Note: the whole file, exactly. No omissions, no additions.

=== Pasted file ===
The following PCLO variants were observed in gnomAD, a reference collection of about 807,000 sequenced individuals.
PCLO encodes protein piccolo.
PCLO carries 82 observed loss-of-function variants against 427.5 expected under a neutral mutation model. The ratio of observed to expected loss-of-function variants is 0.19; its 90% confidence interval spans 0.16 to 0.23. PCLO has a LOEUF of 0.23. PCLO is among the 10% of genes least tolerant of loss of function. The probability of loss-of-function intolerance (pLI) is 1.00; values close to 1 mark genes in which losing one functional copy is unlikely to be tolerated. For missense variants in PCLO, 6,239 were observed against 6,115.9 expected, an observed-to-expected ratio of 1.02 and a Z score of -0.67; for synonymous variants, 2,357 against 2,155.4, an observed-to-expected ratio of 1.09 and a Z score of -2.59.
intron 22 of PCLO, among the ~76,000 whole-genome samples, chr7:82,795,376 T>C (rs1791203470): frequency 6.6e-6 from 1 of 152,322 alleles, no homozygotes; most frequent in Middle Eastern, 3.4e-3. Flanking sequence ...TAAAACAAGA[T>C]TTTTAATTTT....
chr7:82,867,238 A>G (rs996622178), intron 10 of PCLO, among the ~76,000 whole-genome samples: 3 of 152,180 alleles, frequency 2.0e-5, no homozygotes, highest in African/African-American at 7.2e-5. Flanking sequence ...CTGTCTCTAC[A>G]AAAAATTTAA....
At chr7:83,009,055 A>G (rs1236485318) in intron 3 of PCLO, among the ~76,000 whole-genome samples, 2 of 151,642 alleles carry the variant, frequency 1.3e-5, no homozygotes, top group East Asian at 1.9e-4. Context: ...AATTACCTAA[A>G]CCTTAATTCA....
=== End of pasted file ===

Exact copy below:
The following PCLO variants were observed in gnomAD, a reference collection of about 807,000 sequenced individuals.
PCLO encodes protein piccolo.
PCLO carries 82 observed loss-of-function variants against 427.5 expected under a neutral mutation model. The ratio of observed to expected loss-of-function variants is 0.19; its 90% confidence interval spans 0.16 to 0.23. PCLO has a LOEUF of 0.23. PCLO is among the 10% of genes least tolerant of loss of function. The probability of loss-of-function intolerance (pLI) is 1.00; values close to 1 mark genes in which losing one functional copy is unlikely to be tolerated. For missense variants in PCLO, 6,239 were observed against 6,115.9 expected, an observed-to-expected ratio of 1.02 and a Z score of -0.67; for synonymous variants, 2,357 against 2,155.4, an observed-to-expected ratio of 1.09 and a Z score of -2.59.
intron 22 of PCLO, among the ~76,000 whole-genome samples, chr7:82,795,376 T>C (rs1791203470): frequency 6.6e-6 from 1 of 152,322 alleles, no homozygotes; most frequent in Middle Eastern, 3.4e-3. Flanking sequence ...TAAAACAAGA[T>C]TTTTAATTTT....
chr7:82,867,238 A>G (rs996622178), intron 10 of PCLO, among the ~76,000 whole-genome samples: 3 of 152,180 alleles, frequency 2.0e-5, no homozygotes, highest in African/African-American at 7.2e-5. Flanking sequence ...CTGTCTCTAC[A>G]AAAAATTTAA....
At chr7:83,009,055 A>G (rs1236485318) in intron 3 of PCLO, among the ~76,000 whole-genome samples, 2 of 151,642 alleles carry the variant, frequency 1.3e-5, no homozygotes, top group East Asian at 1.9e-4. Context: ...AATTACCTAA[A>G]CCTTAATTCA....